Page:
• The State alleges this group of men is supportive of IS and its teachings about “financial jihad”. (This involves punishment of non-believers by robbing them of their wealth.)[17] Evidently, copies of the IS magazine Rumiyah were found where a directive was given to carry out “financial jihad” by targeting the enemies of wealth through extortion, theft and fraud among others.[18]
  • Three victims of extortion in the matter had previous dealings with Hoomer, and stated that they received an SMS demanding $100 000 (about R1.4m) in order for the accused to allegedly continue with their activities.[19]
  • One of the suspects (not identified) is a part of a WhatsApp group called Jundillah, which is a Sunni militant organisation based in Iran.[20]


  1. The Malmesbury mosque attack in the Western Cape

On 14 June 2018, two worshippers were killed (one South African and one Somali national) and several wounded in a stabbing attack at a mosque in Malmesbury in the Western Cape. The attacker was shot dead by police.[21] Witnesses later stated that the attacker introduced himself as Somali, and said he was on his way to Vredenburg on the West Coast. The man asked for a place to overnight and remained in the Mosque. At about 03:00, the man just got up and started stabbing people. He did so calmly and unhurriedly. Later, when confronted by the police he was shot dead when attempted to stab the police too.[22] The police later issued a statement confirming that no elements of extremism were found in the attack.Not motive was identified by the police and they identified him as 23-year-old NurArawal from Somalia.[23] However, the Chairperson of the Somali Community Board of South Africa identified the attacker as Noor Abdullah and stated that Abdullah was known in the community to suffer from bipolar disorder.[24] Thereby, de facto attributing the motive for the attack to mental illness.


  1. Conjectures made by analysts and the media


  • The Thulsie twins and Fatima Patel are connected. Fact: there is no supporting evidence in the public domain that they knew one another or were working together.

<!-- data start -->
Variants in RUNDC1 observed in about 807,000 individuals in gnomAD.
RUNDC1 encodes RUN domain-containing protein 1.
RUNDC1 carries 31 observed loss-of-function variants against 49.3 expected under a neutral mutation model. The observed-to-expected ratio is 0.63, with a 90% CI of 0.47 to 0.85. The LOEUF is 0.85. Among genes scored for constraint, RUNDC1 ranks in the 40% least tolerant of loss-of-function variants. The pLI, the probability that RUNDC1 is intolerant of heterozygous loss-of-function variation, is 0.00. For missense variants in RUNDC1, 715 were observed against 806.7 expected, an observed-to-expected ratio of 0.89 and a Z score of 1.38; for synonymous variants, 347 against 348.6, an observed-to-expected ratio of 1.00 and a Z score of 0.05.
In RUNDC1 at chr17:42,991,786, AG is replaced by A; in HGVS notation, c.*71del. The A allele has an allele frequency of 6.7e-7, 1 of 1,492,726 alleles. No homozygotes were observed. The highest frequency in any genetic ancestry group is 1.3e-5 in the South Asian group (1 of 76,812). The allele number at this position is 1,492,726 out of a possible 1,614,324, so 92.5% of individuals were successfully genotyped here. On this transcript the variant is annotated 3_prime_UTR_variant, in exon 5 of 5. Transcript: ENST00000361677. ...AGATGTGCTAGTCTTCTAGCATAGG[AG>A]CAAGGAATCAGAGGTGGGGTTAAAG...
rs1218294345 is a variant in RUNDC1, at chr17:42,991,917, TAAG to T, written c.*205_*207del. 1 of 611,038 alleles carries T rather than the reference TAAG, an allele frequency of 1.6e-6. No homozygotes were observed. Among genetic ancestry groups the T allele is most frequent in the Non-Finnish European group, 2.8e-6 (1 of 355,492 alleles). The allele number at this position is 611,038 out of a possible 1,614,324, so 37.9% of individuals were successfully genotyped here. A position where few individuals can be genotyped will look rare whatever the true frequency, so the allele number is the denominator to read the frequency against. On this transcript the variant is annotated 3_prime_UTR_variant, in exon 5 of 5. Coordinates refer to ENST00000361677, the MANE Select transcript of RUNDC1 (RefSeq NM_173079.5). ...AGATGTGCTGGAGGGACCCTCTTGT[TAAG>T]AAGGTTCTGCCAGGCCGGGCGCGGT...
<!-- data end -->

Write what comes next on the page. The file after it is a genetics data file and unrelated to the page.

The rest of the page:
• Sayfydeen Aslam Del Vecchio, Fatima Patel, ThembamandlaXulu and Ahmad Jackson Mussa were part of a larger IS affiliated grouping. Although evidence is mounting that at least Del Vecchio and Patel were committed and somehow in contact with other IS members, their main motive was to obtain funding for IS and there is no evidence that they formed part of a larger IS grouping in South Africa.
  • The 11 suspects in the Verulam attack, given their diverse nationalities, IS paraphernalia, alleged training facilities and alleged criminal acts, are clearly indicating that IS is moving in greater numbers to South Africa. Facts: The suspects and their modus operandi were more indicative of an ideologically inspired criminal gang with no formal training in bomb making and motivated by personal greed. They also happened to be Muslims. Having IS paraphernalia does not make them IS affiliated members. Perhaps it is best to refer to them asIS inspired members.
  • The Verulam and Malmesbury mosque attacks suggest that a conflict is brewing between the Sunni and Shi’a groupings. Fact: The Verulam mosque is a Shi’a mosque but the Malmesbury mosque is Sunni – so there is no relation or reason to think this is true.


  1. Conclusion

These occurrences are certainly worrisome and the likelihood is high that IS will inspire more people to continue such attacks and conform to extremist views in South Africa.  What makes South Africa different, however, are the strong relations and platforms for dialogue which exist among the Islamic community within South Africa.  The trigger factors to lure people into the world of extremism is very low in South Africa and is more found in global affairs. South Africans, and the authorities, should thus be wary to definitively link these events with IS; where instead it should be linked to ideological inspired criminal behaviour (which has many forms). Nevertheless, South Africa will need to understand that they should start to institute proper counter-terrorism measures which are different than the old focus on “terrorism” and measures to fight terrorists. South Africa does not have a terrorist problem.Finally, there is no known evidence which links these four incidences.